The race for mayor of Redondo Beach is a race for a green belt

The race for mayor of Redondo Beach is a race for a green belt

Letters to the Editor: The racism of Redondo Beach’s anti-growth political leadership

The race to run for mayor of Redondo Beach is an interesting one. The incumbent David D’Aquino is a good choice when the person is an opponent with a proven record of accomplishment, but if D’Aquino can’t or won’t engage in a fight to reduce the city’s tax rates and improve its services for low-income residents, he could very easily lose that run.

The other candidate is Mike Hernandez, a business owner and a community activist, who has been involved with the city’s redevelopment efforts for years, serving on the Redondo Beach Redevelopment Agency for 12 years, and acting as a liaison with the community for the city’s redevelopment efforts.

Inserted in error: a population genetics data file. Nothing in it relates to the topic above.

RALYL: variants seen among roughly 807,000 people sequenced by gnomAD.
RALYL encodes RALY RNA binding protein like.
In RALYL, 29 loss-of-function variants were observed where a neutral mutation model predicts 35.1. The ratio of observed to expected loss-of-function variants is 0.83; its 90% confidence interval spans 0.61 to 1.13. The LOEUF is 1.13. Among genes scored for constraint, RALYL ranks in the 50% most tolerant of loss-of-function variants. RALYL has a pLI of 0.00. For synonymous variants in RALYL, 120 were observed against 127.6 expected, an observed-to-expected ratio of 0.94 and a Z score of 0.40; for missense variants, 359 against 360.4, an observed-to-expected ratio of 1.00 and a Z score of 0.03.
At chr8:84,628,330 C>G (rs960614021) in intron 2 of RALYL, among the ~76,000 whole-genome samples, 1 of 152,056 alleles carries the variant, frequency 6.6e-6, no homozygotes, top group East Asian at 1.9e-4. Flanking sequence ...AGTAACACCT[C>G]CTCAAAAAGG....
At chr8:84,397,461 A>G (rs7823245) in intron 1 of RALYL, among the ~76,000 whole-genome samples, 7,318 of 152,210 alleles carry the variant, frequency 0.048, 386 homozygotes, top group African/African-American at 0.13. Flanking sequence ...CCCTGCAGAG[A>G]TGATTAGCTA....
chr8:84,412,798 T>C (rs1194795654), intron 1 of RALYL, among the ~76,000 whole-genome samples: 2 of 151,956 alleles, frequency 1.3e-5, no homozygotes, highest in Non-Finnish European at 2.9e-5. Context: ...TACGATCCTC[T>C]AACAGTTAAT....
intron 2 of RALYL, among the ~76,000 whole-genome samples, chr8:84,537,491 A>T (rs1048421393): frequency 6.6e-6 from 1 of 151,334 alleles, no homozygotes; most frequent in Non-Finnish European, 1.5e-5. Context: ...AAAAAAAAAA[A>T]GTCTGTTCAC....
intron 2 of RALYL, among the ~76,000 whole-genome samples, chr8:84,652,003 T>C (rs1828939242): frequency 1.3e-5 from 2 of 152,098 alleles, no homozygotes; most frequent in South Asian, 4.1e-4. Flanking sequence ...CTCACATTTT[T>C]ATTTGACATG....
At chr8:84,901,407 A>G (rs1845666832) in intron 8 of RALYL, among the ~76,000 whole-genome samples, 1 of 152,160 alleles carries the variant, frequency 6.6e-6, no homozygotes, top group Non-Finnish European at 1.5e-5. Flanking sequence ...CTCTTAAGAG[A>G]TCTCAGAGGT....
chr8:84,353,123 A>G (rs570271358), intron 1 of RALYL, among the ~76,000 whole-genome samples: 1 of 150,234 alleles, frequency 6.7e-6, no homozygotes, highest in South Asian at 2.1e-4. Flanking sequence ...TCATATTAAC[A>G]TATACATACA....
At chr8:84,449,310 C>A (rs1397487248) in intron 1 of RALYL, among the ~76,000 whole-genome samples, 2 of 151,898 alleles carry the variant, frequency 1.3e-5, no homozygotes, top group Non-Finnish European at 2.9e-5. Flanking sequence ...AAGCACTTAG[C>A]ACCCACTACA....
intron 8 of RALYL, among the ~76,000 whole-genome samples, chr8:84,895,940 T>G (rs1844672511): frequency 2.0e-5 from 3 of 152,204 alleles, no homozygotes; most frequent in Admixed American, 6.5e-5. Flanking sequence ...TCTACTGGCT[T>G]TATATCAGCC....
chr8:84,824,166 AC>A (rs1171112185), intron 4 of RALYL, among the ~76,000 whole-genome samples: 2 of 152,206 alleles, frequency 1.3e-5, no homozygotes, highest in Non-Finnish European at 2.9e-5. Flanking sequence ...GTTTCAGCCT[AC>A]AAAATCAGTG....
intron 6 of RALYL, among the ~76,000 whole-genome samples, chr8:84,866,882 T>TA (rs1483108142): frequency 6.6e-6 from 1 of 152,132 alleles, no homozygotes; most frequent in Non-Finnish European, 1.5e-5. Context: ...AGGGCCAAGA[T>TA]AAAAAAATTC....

Although a political outsider, Hernandez is running on a platform that calls for “reducing the property tax cap by 25 percent from 3.4 percent to 2.9 percent.” With a population of over 200,000 people, the city’s tax burden for residents is only 3.4 percent as it stands now, well below that of Los Angeles County, and Hernandez has been the lone voice calling for a move toward a revenue-neutral level, a move most other candidates, including D’Aquino, have resisted.

“I’m not afraid to say I want to make the 3.4 percent tax cap go down,” Hernandez said. “I want the city to be more welcoming and friendly, which the current mayor is not.”

While in the past, Hernandez has worked with Redondo Beach city council members, he has been a vocal opponent of the city’s “greening” efforts. When the Greenbelt Program kicked off in Redondo Beach two years ago, the city council voted to make that a pilot.

“A green belt around Redondo Beach is a good idea, but it should have been a permanent program, and the city council should have put something into place instead of putting these pilots into motion,” Hernandez said.


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